March 25, 1998 in Nation/World

Great Debate Ends: Champlain Isn’t Compromise Provides Funds, No Great Lakes Designation

Melanie Eversley Knight Ridder
 

Lake Champlain is all washed up when it comes to being a “Great Lake.”

An agreement reached Monday night between Michigan and Vermont Congress members makes it easier for Vermont schools to obtain funds to study environmental problems exclusive to the Great Lakes and Lake Champlain. But it reverses the designation of Champlain as a Great Lake, which was signed into law earlier this month.

“We have agreed to call Lake Champlain a cousin instead of a little brother to those larger lakes in the Midwest, while accomplishing our goal of improving the ecology of the lake,” said U.S. Sen. Patrick Leahy, D-Vt., who initiated the campaign to dub Champlain “Great.”

“This is a win-win solution.”

Michigan representatives on Capitol Hill were thrilled to the gills Tuesday, especially Rep. Fred Upton, R-Mich., who’d fought hard to knock Lake Champlain out of the Great Lakes club.

“It’s a great day for the Great Lakes,” said Upton, who frequently chided Vermonters about Lake Champlain’s 490 square miles, compared with Lake Michigan’s 22,300 square miles.

The agreement settles a dispute that boiled over about three weeks ago, when Leahy quietly attached an amendment to the Sea Grant Program authorization that made Lake Champlain the sixth Great Lake. President Bill Clinton signed the legislation into law March 6.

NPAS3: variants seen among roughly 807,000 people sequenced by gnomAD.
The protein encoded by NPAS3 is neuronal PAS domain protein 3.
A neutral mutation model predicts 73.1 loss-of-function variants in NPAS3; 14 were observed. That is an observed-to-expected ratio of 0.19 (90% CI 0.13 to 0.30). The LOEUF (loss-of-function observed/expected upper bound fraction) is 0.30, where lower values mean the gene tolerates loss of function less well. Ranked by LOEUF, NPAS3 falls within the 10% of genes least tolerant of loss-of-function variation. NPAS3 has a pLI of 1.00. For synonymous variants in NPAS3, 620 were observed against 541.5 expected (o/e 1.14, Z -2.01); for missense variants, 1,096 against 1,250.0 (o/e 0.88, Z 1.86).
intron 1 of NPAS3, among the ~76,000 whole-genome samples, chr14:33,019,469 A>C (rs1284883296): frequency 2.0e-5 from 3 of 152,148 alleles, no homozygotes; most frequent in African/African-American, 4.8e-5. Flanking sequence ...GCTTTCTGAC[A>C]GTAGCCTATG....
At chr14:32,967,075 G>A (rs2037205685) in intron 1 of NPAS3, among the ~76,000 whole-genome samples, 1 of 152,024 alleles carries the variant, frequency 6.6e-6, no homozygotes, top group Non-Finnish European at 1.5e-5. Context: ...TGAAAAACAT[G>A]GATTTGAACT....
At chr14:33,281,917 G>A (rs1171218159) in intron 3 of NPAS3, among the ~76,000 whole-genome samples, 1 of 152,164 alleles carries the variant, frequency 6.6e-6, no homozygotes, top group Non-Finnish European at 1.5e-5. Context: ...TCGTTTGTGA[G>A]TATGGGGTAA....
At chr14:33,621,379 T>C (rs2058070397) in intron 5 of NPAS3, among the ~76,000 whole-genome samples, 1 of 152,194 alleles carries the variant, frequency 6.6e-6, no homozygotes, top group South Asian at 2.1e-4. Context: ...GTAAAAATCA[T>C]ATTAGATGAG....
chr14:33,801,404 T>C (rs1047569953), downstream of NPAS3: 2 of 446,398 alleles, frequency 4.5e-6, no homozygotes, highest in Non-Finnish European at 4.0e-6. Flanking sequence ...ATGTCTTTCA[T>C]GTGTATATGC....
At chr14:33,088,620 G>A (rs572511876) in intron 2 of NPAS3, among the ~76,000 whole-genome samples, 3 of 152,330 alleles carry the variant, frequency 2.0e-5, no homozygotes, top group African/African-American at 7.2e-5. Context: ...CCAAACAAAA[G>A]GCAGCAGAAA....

The dispute made for tongue-in-cheek joviality between Senate and House members from the states of the upper Midwest and from Vermont and New York, which touch Lake Champlain.

Neighbors of the five original Great Lakes questioned what America’s children would learn in geography lessons and noted an addition would play havoc with the traditional memory aid of HOMES, for lakes Huron, Ontario, Michigan, Erie and Superior. New Englanders pointed out Lake Champlain had inherited many of the environmental problems of the original Great Lakes and argued it deserved the additional funding.

Although congressional opponents have agreed to downgrade Lake Champlain, several steps have to be followed. The Senate amendment was attached to an appropriations bill. Upton will introduce a similar amendment in the House and seek to attach it to a highway funding bill. Each of those bills would have to pass and then be signed by the president before the Great Lakes change became official.


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